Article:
Final Fantasy IV Advance | Retro Review | Game Boy Advance - TheFamicast.com: Japan-based Nintendo Podcasts, Videos & Reviews!

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Monday, October 11, 2021

Final Fantasy IV Advance | Retro Review | Game Boy Advance

Final Fantasy IV is one of those classic games that almost every RPG fan has taken for a spin at some point in their lives. Whether it be on the Super Nintendo back in the day, Wonderswan (really?!), PSP or mobile, there are definitely a lot of ways to get into the game. If you’ve been away from the game for a long time, you may be wondering if it still holds up to this day. Well, slight spoiler here, but yes it does, and I’m going to tell you everything you need to know about the Game Boy Advance version of Final Fantasy IV and why you can’t go wrong picking this version of the game up in this retro review. 

Story
The story of Final Fantasy IV is a bit dated by today’s RPG standards, but if you look at the game in the context of when it was released (originally on the SNES/SFC), there are quite a few aspects that were certainly ahead of its time. The overall arc is about redemption and friendship, something that most of us can relate to at least in some respect. Following the Dark Knight Cecil as he leads the fleet from military superpower Baron, we quickly learn that things are not as they seem. Cecil is distressed for having to carry out numerous atrocities in the name of the king. So much so that he’s branded a traitor and then basically has to go on the run. 

Along the way, you’ll run into a number of different characters that have their own motivations and personalities. Although their reasons are different, they all come together in their goal of taking out the big bad, Golbez, and come together as a group of friends that genuinely care about each other. Of course, by today’s standards, the story beats can be a bit abrupt, but I still feel that you can definitely get what Square was going for here. In the context of the time, things still hold up. Not only that, but I really felt that there was a great variety of locations to visit and some interesting NPCs to come across throughout the adventure. 
On a personal note, and probably like you, this isn’t my first time playing this game. I played the North American Final Fantasy II back in the day on the Super Nintendo, borrowing a cart from my friend back in the late 90s. At the time, I cousin’t make it through to the end. I made it as far as the Return to Baron only to be roasted by Baigan. I don’t remember what exactly was holding me back, either. Since then, I’ve tried to go back to the game with the Playstation version (in Final Fantasy Chronicles) and then of course this Game Boy Advance version of the game. It wasn’t until this current run through that I finally beat the game.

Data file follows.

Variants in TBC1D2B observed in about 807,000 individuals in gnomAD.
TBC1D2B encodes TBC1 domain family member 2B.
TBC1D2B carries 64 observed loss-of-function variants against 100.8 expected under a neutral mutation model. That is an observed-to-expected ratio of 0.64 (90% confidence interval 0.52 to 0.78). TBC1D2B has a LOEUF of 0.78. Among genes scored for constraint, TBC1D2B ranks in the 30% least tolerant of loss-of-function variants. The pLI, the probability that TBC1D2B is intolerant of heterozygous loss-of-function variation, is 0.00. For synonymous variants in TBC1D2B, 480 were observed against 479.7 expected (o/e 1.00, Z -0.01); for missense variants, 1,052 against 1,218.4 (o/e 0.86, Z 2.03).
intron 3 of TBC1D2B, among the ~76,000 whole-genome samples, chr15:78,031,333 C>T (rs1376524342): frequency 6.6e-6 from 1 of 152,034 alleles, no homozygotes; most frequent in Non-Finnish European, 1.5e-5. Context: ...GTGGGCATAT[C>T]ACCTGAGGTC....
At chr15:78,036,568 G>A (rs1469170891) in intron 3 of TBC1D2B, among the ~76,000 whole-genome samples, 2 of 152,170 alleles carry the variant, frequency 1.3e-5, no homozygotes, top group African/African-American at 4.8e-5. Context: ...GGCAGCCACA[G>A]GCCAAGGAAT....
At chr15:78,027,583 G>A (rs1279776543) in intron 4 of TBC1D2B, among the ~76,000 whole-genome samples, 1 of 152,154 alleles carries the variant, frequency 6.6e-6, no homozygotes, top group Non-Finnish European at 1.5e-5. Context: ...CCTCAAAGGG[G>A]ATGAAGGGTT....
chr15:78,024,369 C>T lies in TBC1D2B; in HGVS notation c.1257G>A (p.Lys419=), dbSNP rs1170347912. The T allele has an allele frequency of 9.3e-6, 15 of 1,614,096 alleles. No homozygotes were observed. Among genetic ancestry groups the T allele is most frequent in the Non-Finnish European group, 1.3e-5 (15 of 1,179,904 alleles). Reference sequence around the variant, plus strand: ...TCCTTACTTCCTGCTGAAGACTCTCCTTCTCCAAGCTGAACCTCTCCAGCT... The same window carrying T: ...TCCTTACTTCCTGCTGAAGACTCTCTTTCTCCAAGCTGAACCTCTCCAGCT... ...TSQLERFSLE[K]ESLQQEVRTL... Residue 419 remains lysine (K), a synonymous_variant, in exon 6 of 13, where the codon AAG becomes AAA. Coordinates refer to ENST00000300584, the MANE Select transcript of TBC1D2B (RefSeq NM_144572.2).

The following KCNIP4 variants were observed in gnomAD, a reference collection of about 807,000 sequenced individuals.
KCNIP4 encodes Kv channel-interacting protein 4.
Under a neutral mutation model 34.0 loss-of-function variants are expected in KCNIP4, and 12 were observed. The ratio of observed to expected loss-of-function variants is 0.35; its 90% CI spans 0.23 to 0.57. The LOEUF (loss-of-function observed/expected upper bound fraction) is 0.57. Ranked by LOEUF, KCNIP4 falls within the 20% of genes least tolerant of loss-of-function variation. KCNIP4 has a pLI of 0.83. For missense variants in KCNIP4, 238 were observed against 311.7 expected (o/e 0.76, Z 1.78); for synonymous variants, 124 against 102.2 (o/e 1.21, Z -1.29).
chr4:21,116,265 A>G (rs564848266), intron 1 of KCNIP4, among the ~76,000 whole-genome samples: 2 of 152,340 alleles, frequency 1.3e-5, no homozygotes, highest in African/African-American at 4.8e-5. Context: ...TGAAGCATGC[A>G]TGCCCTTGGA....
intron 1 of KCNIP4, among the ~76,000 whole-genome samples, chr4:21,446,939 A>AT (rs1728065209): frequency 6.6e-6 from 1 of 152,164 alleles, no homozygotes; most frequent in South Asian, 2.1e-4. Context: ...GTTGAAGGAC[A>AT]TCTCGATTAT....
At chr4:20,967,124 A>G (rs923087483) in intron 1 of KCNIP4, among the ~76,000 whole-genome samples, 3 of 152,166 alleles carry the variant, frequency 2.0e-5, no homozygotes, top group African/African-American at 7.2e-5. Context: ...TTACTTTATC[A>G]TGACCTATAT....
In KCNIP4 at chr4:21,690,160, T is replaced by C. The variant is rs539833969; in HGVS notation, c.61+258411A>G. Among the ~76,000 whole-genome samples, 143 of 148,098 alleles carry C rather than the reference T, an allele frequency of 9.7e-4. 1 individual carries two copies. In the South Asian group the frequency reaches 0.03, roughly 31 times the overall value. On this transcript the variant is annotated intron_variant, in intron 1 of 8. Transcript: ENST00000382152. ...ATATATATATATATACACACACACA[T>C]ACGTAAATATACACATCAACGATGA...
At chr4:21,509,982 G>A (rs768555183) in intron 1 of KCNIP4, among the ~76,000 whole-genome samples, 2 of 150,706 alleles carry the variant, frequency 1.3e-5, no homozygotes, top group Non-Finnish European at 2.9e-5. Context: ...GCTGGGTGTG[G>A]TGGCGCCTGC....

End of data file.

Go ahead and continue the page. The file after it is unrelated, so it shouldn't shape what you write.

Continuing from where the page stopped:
The Game Boy Advance iteration of has a few extras not found in previous entries. The script here has been revamped to more closely reflect that original Japanese. Character portraits are now available in dialog boxes, you have the ability to swap characters in and out of your party (later in the game) and can even tackle a bonus dungeon. 

Gameplay
I think this goes without saying, but Final Fantasy IV Advance is a turn based RPG. This time around, Square (Enix) implemented the Active Time Battle (ATB) System. Again, you probably already know this, but just in case, a timing element is introduced here to choose your actions. Unlike the SNES and PlayStation versions of the game, the Game Boy Advance version actually shows this gauge in real time, giving the player a clear indication of when they are able to perform their next action. 
While basic this day and age, I’m a pretty big fan of the battle system in FFIV. The variety of attacks, some specific to certain characters, magic, summons and other special abilities are well done. They really give each character a bit of a different feeling even though you are primarily just controlling what they do through menu options. 

Some quality of life improvements were made here as well. The PlayStation version of FFIV from Final Fantasy Chronicles introduced the ability to run with by holding the cancel button while in towns and/or dungeons. This is still here, but you now have the ability in the Configuration menu to basically make it so you’re always running OR only run when pressing B. Traveling the overworld here can be pretty slow going, but once you get one of the handful of vehicles/Chocobo, things speed up quite a bit.